In partnership with SaskJobs, the Kindersley Chamber of Commerce held a special event yesterday in town that worked to show people how they can recruit and retain workers inside a community.
Randy Jeworski was the lead presenter, and is a Senior Account Executive at the Employer Services Branch with the Ministry of Immigration and Career Training. He shared some background information before taking questions following opening remarks by Kindersley Chamber of Commerce President Rick Miller.
The lunch-hour event began with a call-back to all of the work the Chamber team has done to paint a pretty recruitment picture for the Town of Kindersley. They know they can promote the different aspects of a small town that everyone looks for, and Executive Director Kevin Martin talked about what that means specifically.
"We have what's called an investment attraction portfolio. It's basically 30 pages of all of the great reasons there are to move to Kindersley. Rick started the shop local program a few years ago and that's going well, but this attraction portfolio was kind of a naturally evolving document. As a Chamber of Commerce, one of our mandates if I may use that word, is to attract people and/or businesses to town."
A few of the local attendees made plans to catch up with the Government team who made the trip down. Some good questions were traded back and forth, and the following statement from Martin was one of the main messages that came out of the talk.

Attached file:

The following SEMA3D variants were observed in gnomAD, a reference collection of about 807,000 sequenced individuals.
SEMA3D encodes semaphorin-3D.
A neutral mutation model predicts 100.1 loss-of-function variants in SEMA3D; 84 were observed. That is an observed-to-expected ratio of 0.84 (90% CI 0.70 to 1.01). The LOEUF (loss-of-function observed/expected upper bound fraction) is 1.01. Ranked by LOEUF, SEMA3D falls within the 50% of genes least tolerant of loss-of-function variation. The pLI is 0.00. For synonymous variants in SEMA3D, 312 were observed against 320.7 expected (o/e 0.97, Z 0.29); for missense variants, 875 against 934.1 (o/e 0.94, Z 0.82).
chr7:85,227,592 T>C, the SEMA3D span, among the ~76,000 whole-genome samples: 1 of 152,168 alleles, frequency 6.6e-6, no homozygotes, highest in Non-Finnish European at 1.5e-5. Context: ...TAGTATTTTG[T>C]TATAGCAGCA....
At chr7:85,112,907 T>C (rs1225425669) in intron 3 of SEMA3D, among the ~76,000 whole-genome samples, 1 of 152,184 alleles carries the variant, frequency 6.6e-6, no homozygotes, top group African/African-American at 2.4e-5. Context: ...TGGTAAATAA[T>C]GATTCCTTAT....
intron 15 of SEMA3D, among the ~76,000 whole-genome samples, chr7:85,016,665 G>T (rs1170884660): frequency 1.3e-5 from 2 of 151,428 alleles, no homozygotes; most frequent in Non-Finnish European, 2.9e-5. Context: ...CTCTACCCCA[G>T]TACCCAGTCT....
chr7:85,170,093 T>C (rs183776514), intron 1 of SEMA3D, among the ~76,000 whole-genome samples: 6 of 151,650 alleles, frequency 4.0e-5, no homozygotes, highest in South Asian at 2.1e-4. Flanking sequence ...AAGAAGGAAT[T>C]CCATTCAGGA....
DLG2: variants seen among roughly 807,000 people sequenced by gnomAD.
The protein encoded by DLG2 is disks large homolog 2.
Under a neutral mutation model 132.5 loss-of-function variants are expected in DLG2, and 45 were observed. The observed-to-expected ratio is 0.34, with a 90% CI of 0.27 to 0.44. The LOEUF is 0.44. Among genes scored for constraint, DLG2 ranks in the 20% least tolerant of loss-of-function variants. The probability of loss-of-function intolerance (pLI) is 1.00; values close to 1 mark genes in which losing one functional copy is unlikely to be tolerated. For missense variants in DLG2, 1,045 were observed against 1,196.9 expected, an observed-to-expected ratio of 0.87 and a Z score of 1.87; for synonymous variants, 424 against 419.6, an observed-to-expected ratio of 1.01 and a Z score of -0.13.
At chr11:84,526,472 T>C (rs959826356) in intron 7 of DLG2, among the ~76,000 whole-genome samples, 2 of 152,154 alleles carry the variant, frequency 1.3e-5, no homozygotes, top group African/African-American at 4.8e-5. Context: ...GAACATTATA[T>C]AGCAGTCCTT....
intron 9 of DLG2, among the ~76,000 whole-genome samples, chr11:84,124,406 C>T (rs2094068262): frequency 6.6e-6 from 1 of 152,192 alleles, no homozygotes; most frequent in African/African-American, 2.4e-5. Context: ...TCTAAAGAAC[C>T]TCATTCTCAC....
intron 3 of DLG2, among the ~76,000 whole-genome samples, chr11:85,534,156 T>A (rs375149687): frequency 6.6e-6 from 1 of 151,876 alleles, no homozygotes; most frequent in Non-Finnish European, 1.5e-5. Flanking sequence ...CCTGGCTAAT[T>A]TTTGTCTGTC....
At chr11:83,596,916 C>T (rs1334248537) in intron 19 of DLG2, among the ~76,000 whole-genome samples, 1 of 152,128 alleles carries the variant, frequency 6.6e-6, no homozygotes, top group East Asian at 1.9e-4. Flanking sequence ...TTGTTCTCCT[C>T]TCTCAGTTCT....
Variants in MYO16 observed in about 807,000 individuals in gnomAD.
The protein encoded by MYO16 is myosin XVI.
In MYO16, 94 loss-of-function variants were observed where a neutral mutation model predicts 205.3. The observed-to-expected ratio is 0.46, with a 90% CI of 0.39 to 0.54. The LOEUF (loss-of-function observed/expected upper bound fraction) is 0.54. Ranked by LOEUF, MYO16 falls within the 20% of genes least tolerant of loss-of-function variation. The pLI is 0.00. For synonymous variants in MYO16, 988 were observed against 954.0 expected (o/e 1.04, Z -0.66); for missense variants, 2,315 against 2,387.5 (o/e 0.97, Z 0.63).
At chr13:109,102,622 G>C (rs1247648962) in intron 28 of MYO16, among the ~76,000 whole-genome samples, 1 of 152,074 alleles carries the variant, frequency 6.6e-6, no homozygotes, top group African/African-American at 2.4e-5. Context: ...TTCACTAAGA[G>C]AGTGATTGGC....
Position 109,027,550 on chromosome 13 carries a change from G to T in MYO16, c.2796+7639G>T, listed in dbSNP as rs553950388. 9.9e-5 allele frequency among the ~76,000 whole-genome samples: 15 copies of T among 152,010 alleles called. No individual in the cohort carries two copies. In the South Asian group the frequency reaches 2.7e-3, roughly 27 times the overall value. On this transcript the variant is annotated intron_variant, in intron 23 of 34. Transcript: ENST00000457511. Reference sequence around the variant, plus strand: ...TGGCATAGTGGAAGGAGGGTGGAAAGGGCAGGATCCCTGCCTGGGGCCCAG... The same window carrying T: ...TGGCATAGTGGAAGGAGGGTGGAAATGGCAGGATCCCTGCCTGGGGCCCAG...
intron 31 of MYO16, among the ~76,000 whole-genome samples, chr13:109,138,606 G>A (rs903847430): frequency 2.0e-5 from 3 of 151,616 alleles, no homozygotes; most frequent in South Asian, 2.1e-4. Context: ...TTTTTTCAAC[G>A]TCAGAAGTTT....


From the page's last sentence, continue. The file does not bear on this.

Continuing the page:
"Like they were saying during these crazy times you really have to think outside the box. Like Randy was saying to, sometimes all it can take is a different wording for an ad for someone to think 'hey maybe I can do that'."
Social media presence from each the Town and Chamber has increased over the past year, and can be major tools as Martin and the Chamber really see the potential of people from Kindersley helping to paint the picture of why it's worth it to move here. The other side of this issue is people actually wanting to work, and one thing taken away from yesterday's forum was how the employee now really drives things.
The team at SaskJobs understands this, and wants to work with the willing workforce who is willing to "drive the bus" as we approach the latest period of hiring. People specifically hired to recruit are available through the government, and other features they are presenting such as "Job Feature Friday" help out their overall work being done to get the word out there and bring people to town.
These strategies are being worked on to recruit and retain people in communities, but one piece of the presentation was about growing the talent at home and keeping it there. The idea of "career trees" has been tossed around to give Saskatchewan students a visual outline of where they could potentially enter the workforce based off of class choices.
"It's going to take a bit of an educational program to get people to think differently about work."
Martin wants to see businesses outside of the Chamber circle flourish just as much as their members, and doing whatever they can to promote the idea of working in Kindersley is something that should keep new businesses opening up instead of a very negative result for everyone in just closing down.
This level of care is just another small town advantage, and Martin wants to make sure that it is front and centre for anyone making a recruiting pitch to Kindersley.
Visit this link for more information on the team that came out to Kindersley.